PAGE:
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Track(s) taken from CDA67479

Ave regina caelorum a 8

8vv; published in Rome in 1581 by Dominico Basa
author of text
Antiphon to the Blessed Virgin Mary, from the Feast of the Purification until the Wednesday in Holy Week

Westminster Cathedral Choir, Martin Baker (conductor), Robert Quinney (organ)
Recording details: February 2004
Westminster Cathedral, London, United Kingdom
Produced by Mark Brown
Engineered by Julian Millard
Release date: October 2004
Total duration: 4 minutes 34 seconds

Other recordings available for download

The Cambridge Singers, John Rutter (conductor)


'The choir of Westminster Cathedral has long been noted for its distinctive Continental-style tone, which gives its performances of Latin sacred polyphony an attractively distinctive quality. This magnificent recording, which shows off Victoria's mastery of the art of writing music for up to three choirs in the grandest possible manner, suggests that 2004 is a vintage year for them … recordings of Renaissance polyphony rarely come much better than this' (The Daily Telegraph)

'the choir is radiant in its home acoustic, and Martin Baker's well-researched decision to employ an understated organ 'continuo' adds small but telling touches of colour to the texture' (International Record Review)

'It is ideally suited to the full-throated, vibrant singing of the Westminster Cathedral Choir, while Martin Baker's finely controlled direction displays a keen architectural sense … A wonderful disc' (Goldberg)

'If you painted me into a corner and forced me to choose between Victoria and Palestrina, I’d have to choose the former, much as I love the latter. If I could have just one Victoria recording on my Desert Island, this, from Westminster Cathedral Choir directed by Martin Baker with Robert Quinney (organ) would be very high on the list … this is music that will transport you to a higher plane' (MusicWeb International)» More
The eight-part Ave regina caelorum was originally used in the liturgy as an antiphon to precede and follow the chanting of a Psalm. It is now sung as a motet at the end of Compline in the period from Purification until the Wednesday in Holy Week. Victoria wrote a five-part setting of the antiphon which was published in Venice in 1576 by Angelo Gardane, and he subsequently wrote an eight-part version, which was published in Rome in 1581 by Dominico Basa. The double-choir version, like the five-part, opens with stately figures derived from the Compline plainsong, sometimes loosely paraphrased, to produce an impressive and sonorous chordal structure, which gives way at the end of the first half to some lively passagework setting the words ‘from whence came the light of the world’. The second half of the motet begins with some joyous antiphonal exchanges in triple time illustrating the words ‘Rejoice, O glorious one, splendid above all other’ and ends in a more sombre mood with wonderful rich eight-part counterpoint to the words ‘plead always for us with Christ’.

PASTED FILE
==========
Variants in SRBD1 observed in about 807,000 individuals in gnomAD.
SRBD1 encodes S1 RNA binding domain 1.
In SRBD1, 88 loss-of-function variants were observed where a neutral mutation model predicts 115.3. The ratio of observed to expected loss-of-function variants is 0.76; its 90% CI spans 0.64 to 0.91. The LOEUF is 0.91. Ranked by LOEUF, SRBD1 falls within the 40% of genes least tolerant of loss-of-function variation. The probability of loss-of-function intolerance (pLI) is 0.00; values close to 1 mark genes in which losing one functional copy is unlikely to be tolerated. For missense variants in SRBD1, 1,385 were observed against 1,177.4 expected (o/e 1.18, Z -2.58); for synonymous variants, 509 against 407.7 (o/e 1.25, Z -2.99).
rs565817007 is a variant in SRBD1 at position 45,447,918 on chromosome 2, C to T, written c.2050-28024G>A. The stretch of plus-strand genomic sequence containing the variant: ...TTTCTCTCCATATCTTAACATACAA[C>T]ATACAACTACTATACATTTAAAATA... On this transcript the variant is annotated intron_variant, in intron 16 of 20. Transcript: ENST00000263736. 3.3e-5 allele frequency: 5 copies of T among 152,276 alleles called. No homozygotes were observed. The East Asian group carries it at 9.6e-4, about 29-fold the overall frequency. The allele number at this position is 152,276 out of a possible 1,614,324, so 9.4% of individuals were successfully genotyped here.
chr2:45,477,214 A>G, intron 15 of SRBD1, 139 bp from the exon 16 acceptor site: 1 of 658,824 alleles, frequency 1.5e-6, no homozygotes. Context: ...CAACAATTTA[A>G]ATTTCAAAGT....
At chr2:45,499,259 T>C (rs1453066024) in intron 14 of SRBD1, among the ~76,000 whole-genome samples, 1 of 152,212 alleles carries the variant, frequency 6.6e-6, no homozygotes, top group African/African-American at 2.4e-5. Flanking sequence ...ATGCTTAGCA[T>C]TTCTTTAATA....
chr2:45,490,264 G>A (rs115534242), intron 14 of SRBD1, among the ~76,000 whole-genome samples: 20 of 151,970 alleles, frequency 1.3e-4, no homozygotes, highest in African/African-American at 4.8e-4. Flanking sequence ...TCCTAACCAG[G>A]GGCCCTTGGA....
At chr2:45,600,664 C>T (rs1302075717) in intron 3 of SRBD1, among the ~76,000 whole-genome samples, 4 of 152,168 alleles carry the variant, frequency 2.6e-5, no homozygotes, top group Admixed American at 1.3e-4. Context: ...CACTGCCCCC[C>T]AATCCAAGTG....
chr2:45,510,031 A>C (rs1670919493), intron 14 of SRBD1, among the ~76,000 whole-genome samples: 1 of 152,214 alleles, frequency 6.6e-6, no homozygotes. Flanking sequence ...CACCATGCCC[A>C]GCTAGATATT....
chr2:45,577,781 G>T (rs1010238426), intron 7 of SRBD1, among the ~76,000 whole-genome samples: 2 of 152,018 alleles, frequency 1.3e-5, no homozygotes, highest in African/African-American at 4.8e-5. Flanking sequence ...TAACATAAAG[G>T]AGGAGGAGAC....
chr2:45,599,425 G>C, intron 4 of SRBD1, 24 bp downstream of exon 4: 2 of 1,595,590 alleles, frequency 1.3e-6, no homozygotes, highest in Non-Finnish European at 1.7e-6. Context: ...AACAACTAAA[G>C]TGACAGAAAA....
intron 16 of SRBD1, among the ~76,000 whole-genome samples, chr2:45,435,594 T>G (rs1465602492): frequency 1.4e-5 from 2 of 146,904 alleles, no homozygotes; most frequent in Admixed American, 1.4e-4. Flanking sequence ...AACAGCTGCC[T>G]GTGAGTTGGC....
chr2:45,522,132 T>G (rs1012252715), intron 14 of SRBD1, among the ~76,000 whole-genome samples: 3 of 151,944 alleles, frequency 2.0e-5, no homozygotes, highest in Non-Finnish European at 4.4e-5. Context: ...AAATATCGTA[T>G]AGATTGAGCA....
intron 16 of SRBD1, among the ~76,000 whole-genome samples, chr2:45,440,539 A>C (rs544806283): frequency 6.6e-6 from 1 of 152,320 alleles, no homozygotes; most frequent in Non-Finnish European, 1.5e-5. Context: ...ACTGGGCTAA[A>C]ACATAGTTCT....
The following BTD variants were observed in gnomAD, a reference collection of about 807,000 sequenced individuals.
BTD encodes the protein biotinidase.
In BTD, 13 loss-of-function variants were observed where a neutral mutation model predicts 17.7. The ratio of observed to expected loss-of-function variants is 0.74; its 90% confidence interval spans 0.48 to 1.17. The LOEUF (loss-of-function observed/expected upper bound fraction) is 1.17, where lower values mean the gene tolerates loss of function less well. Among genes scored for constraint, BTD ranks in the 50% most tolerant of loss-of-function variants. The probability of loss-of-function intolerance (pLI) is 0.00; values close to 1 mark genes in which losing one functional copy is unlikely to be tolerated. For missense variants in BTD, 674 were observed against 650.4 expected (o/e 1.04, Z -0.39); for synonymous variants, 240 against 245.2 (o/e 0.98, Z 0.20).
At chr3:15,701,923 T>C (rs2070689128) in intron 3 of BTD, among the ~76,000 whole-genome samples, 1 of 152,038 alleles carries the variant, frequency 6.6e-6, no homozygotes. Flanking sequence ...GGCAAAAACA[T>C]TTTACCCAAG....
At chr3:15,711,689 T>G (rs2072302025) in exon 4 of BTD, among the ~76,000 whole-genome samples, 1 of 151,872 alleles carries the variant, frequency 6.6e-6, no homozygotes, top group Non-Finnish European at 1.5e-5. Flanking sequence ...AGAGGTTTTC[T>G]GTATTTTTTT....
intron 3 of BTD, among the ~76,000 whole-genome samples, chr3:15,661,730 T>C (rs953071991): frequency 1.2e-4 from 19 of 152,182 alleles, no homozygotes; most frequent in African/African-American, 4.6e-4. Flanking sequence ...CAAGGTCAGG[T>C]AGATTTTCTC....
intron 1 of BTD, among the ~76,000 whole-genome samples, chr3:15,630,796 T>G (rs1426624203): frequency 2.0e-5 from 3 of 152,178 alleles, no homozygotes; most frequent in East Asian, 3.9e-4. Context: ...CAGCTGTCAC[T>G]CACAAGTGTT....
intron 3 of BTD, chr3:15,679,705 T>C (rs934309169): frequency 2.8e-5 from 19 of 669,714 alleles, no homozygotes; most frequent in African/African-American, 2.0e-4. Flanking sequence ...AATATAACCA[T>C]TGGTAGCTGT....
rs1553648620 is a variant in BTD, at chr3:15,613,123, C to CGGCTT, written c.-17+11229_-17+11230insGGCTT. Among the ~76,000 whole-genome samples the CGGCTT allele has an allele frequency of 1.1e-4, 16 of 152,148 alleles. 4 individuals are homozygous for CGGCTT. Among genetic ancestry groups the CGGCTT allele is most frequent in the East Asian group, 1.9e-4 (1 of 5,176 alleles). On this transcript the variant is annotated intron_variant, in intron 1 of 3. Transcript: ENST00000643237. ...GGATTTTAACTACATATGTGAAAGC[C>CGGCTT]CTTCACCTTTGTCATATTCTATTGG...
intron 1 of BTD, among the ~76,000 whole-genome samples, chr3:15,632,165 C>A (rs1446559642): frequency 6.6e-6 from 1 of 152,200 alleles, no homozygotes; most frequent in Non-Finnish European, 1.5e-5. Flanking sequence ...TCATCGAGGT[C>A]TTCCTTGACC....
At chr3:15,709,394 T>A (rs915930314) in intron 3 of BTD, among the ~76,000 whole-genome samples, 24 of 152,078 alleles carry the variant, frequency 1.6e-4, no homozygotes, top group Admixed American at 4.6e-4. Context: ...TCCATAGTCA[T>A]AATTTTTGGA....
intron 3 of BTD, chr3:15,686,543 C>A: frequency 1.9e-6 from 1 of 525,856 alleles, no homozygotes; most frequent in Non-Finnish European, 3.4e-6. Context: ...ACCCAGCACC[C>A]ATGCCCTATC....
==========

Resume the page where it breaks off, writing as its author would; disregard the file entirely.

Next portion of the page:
from notes by Jon Dixon © 2004

L’Ave regina caelorum à huit voix était, à l’origine, utilisé dans la liturgie comme antienne précédant et suivant un psaume. Désormais, il est chanté comme un motet à la fin de complies pendant la période de la Purification jusqu’au mercredi de la Semaine Sainte. Victoria écrivit un arrangement à cinq voix de l’antienne, qui sera publié à Venise en 1576 par Angelo Gardane, et il en écrira par la suite une version à huit voix qui sera publiée à Rome en 1581 par Dominico Basa. La version pour deux chœurs, à l’instar de la version à cinq voix, s’ouvre sur des figures mélodiques majestueuses dérivées du plain-chant de complies, parfois paraphrasé assez librement, pour produire une structure polyphonique sonore et impressionnante, qui fait place, à la fin de la première moitié de l’œuvre, à un passage animé sur les mots «par Toi la lumière s’est levée sur le monde». La seconde moitié du motet, commence par de joyeux échanges antiphonaires à trois temps, illustrant les mots «Réjouis-toi, Vierge glorieuse, belle entre toutes les femmes» et se termine dans une atmosphère plus sombre dans un merveilleux contrepoint à huit voix sur cette phrase: «Implore le Christ pour nous».

extrait des notes rédigées par Jon Dixon © 2004
Français: Marie Luccheta

Das achtstimme Ave regina caelorum wurde in der Liturgie ursprünglich als Antiphon vor und nach dem Singen des Psalms eingesetzt. Heutzutage singt man den Text als Motette am Ende der Komplet in der Zeit zwischen Maria Lichtmeß (2. Februar) und dem Mittwoch in der Karwoche. Victoria schrieb eine fünfstimmige, 1576 bei Angelo Gardane in Venedig im Druck erschienene Vertonung der Antiphon. Später schrieb Victoria auch noch eine achtstimmigen Fassung, die 1581 bei Dominico Basa in Rom veröffentlicht wurde. Die doppelchörige Fassung beginnt wie die fünfstimmige mit einer stattlichen Geste, die von dem gregorianischen Choral der Komplet abgeleitet wurde und ihn leicht paraphrasiert. Auf der Grundlage dieser Geste baut Victoria eine beeindruckende und satte homophone Passage auf, die gegen Ende der ersten Hälfte lebhaften Läufen auf die Worte „durch die das Licht gekommen ist“ weicht. Die zweite Hälfte der Motette beginnt mit freudigem Wechselgesang im Dreiermetrum, der die Worte „Erfreue dich, Jungfrau, deiner Würde, die du vor allen lieblich bist“ musikalisch ausmalt, und endet in einer ernsteren Stimmung mit einem wunderbaren reichen achtstimmigen Kontrapunkt auf die Worte „Erflehe du … uns Gnade stets bei Jesus Christ“.

aus dem Begleittext von Jon Dixon © 2004
Deutsch: Elke Hockings

Other albums featuring this work

Lighten our Darkness
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This album is not yet available for downloadSACDA67479Super-Audio CD
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